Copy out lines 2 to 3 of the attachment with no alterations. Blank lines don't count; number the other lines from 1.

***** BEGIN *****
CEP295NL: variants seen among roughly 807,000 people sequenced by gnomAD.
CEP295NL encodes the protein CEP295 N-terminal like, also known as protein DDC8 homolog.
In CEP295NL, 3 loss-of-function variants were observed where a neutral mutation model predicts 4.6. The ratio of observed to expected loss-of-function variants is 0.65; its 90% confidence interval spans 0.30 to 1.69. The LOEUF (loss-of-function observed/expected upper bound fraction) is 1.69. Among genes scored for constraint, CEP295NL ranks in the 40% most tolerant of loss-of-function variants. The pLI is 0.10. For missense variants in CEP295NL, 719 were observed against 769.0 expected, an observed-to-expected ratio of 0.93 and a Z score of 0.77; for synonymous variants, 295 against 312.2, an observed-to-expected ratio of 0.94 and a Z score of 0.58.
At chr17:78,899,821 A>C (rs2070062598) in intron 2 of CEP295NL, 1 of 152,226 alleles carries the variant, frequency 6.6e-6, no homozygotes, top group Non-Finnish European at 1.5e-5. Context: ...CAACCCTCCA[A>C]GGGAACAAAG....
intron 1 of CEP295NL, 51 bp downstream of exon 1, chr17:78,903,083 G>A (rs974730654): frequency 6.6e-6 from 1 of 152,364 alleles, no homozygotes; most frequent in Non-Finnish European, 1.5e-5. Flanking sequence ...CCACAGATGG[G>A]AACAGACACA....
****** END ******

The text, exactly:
CEP295NL encodes the protein CEP295 N-terminal like, also known as protein DDC8 homolog.
In CEP295NL, 3 loss-of-function variants were observed where a neutral mutation model predicts 4.6. The ratio of observed to expected loss-of-function variants is 0.65; its 90% confidence interval spans 0.30 to 1.69. The LOEUF (loss-of-function observed/expected upper bound fraction) is 1.69. Among genes scored for constraint, CEP295NL ranks in the 40% most tolerant of loss-of-function variants. The pLI is 0.10. For missense variants in CEP295NL, 719 were observed against 769.0 expected, an observed-to-expected ratio of 0.93 and a Z score of 0.77; for synonymous variants, 295 against 312.2, an observed-to-expected ratio of 0.94 and a Z score of 0.58.